Sadly, last Wednesday our RWC van broke down and is in need of a new gear box. Since many of the families are now being sheltered in surrounding towns, there is a greater need than ever to be mobile. Here is an update of the RWC situation on the ground by a current volunteer, Frances, Please read to understand the demands and concerns of the ever changing situation:
As a seemingly relentless winter takes hold here in northern France, the Women's Centre team continues to adapt to the rapidly evolving situation on the ground. With a recent increase in arrivals of new men, women and children, many of whom are unaccompanied, the need remains high.
In December, during a period of snow and bitter cold, the Mayor's office in Grande Synthe took an emergency decision to convert a local gymnasium into temporary winter accommodation. This has provided shelter and sanitary facilities for around 200 refugees who were previously living outside in the woods. The Women's Centre welcomed this move, one of the few responses of humanity and foresight from local authorities in the area. However, capacity is limited and so is time - the gymnasium will only be open until 31st March.
Whilst the Mayor's office are doing all they can to ensure the gymnasium remains a place of safety for as many people as possible, they have taken much of the cost upon themselves and had no support from the central government. We are still appalled that no solution has been offered to roughly 150 people - and rising - who remain outside, predominantly young men from ethnic minority groups. The single water point in the 'Jungle' was cut when the gymnasium opened in an attempt to 'dissuade' people from remaining in the woods. This means those denied a place inside are battling to survive in the face of no access to basic sanitation, and limited access to information, material and medical support. Police evictions and confiscation of property, including essentials such as tents and sleeping bags, remain frequent. Mental health has deteriorated to a worrying degree, and as desperation rises, so does the number of severe physical injuries that we see.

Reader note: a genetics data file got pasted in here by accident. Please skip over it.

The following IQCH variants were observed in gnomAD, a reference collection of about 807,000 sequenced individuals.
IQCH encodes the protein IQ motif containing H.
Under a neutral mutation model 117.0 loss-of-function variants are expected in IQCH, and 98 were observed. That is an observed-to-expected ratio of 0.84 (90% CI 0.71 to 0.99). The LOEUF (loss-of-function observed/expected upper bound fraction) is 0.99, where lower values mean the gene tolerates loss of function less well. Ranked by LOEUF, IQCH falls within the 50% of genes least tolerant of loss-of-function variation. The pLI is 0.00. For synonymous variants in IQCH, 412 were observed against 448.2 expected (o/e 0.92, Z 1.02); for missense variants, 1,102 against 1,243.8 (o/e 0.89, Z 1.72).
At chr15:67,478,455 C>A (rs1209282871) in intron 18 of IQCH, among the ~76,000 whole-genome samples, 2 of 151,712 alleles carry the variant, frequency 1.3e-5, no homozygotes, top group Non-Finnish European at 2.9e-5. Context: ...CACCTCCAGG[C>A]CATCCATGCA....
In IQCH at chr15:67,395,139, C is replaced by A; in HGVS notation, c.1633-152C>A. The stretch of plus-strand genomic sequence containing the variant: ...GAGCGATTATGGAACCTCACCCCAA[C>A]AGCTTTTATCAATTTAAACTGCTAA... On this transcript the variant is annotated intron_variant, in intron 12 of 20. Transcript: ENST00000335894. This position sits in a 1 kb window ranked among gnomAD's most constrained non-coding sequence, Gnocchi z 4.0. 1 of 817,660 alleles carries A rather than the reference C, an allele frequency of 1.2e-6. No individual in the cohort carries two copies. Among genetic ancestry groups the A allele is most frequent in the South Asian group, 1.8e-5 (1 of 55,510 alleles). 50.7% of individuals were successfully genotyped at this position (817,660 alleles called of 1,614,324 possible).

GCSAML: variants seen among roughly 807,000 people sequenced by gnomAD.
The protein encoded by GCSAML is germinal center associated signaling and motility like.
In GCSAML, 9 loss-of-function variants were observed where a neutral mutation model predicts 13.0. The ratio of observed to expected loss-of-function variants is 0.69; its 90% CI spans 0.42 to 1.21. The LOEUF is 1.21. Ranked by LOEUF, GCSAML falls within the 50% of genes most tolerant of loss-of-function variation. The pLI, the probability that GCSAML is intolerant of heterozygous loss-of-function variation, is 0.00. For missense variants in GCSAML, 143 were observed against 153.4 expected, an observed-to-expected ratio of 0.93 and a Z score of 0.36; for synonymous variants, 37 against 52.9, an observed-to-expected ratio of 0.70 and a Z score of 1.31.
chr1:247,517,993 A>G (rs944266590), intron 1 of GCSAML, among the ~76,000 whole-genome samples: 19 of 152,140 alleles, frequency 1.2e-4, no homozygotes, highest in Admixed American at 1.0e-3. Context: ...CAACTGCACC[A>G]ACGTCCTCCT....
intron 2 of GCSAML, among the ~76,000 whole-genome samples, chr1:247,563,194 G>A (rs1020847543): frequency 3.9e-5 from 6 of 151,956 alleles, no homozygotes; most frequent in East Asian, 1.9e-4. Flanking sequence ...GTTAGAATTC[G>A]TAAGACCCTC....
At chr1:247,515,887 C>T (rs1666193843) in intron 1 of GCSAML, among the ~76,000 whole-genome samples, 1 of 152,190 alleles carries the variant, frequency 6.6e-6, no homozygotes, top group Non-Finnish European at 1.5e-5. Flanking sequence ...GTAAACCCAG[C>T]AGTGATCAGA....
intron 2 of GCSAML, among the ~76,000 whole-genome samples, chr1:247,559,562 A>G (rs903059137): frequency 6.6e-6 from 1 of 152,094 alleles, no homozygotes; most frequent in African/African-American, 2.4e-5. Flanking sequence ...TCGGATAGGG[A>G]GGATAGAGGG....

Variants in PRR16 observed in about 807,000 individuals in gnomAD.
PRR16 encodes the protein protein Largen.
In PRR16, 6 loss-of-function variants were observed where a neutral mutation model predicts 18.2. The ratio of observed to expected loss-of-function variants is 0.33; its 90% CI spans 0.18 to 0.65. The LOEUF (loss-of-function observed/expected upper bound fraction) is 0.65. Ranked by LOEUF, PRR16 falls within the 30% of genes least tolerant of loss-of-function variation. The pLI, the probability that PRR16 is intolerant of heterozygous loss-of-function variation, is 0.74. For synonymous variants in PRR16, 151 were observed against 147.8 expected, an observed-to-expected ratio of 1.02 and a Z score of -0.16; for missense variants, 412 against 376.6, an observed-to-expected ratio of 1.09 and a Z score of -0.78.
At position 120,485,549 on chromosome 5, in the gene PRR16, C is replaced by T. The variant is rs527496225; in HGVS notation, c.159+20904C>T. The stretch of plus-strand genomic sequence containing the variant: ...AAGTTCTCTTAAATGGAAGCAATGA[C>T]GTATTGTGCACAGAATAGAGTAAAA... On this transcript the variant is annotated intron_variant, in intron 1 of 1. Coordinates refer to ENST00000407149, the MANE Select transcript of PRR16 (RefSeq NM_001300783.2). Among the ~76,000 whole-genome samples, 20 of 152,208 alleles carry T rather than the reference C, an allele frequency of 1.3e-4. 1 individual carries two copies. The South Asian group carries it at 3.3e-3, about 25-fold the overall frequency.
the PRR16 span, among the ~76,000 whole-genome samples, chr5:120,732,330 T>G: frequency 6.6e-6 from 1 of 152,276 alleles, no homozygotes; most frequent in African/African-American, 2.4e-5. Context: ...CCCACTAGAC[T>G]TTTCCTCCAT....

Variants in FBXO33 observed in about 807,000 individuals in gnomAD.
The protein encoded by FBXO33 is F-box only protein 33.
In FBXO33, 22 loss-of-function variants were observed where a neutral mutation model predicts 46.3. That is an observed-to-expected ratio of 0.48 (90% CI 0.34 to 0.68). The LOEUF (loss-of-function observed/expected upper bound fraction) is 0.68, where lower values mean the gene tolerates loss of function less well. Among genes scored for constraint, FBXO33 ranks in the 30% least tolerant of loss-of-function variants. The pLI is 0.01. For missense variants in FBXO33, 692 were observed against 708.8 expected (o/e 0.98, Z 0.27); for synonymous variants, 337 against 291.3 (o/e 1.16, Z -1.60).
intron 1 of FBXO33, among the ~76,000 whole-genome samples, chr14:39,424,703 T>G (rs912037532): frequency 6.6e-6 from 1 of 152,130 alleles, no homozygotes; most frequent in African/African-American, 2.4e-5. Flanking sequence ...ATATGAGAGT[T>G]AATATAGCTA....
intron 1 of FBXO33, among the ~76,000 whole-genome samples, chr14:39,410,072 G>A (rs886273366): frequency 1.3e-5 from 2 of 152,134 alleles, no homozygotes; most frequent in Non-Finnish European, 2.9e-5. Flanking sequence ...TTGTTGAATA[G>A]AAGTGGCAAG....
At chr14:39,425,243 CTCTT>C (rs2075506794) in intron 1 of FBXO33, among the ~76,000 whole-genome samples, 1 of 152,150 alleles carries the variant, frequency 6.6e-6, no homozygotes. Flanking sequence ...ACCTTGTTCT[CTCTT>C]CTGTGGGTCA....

In this winter period, our team has moved much of our daily work into the gymnasium, coordinating material distributions for families and single men, organising activities for children and families and continuing to respond daily to the changing needs on the ground. Being able to work inside in a structured space has allowed us to build much stronger relationships with the families and individuals, and to better oversee the welfare and safety of those now staying in the gymnasium.
In addition to our work every day in Dunkirk, we do bi-weekly women's distributions in the Calais 'Jungle', where the number of women and families has risen dramatically in the last week since news of the meeting between Theresa May and Emmanuel Macron.
We also do weekly visits to various CAOs (accommodation and orientation centres opened by the French state with the intention of accommodating those wishing to seek asylum in France, but which over the winter period have been opened also to those who have not applied for asylum) in the region. In these centres we do distributions and offer psychosocial support to the families living there. Whilst they have access to shelter and greater material comfort, they are often unable to access information about their situation and legal options, and are far from others in their community as well as from the goal they have come here for - the UK border.
We remain present in the 'Jungle' to monitor and respond to needs, and we foresee our work there increasing as more and more new arrivals, including families with young children and unaccompanied minors, are forced to sleep outside. Come April, when both the gymnasium and CAOs will be closed, it is likely that several hundred people will be returning to the area. As of yet, no solution has been offered by the state or local authorities to what will happen in April. Whilst the Mayor's office hopes to prevent people returning to the 'Jungle' site - in fact their local wooded park - people are being given nowhere else to go. It is an abhorrence that not even their most basic human rights are met. Without the support of the state and the political will for a longer term approach to the situation in northern France, the dangers - physical and psychological - faced by those in the area will continue to deteriorate.
In order to maintain the central aspect of our work - the wide range of situations we respond to each day
and the different areas we cover - mobility is vital. Our cars and the flexibility of our volunteers are indispensable.
If you'd like to help:
- Donate financially to help us to cover the costs of our work - material support, temporary shelter for families, car costs to keep us mobile, to name only a few.
- Donate goods: see our updated needs list here.
- For more information on volunteering long-term with us please see our website.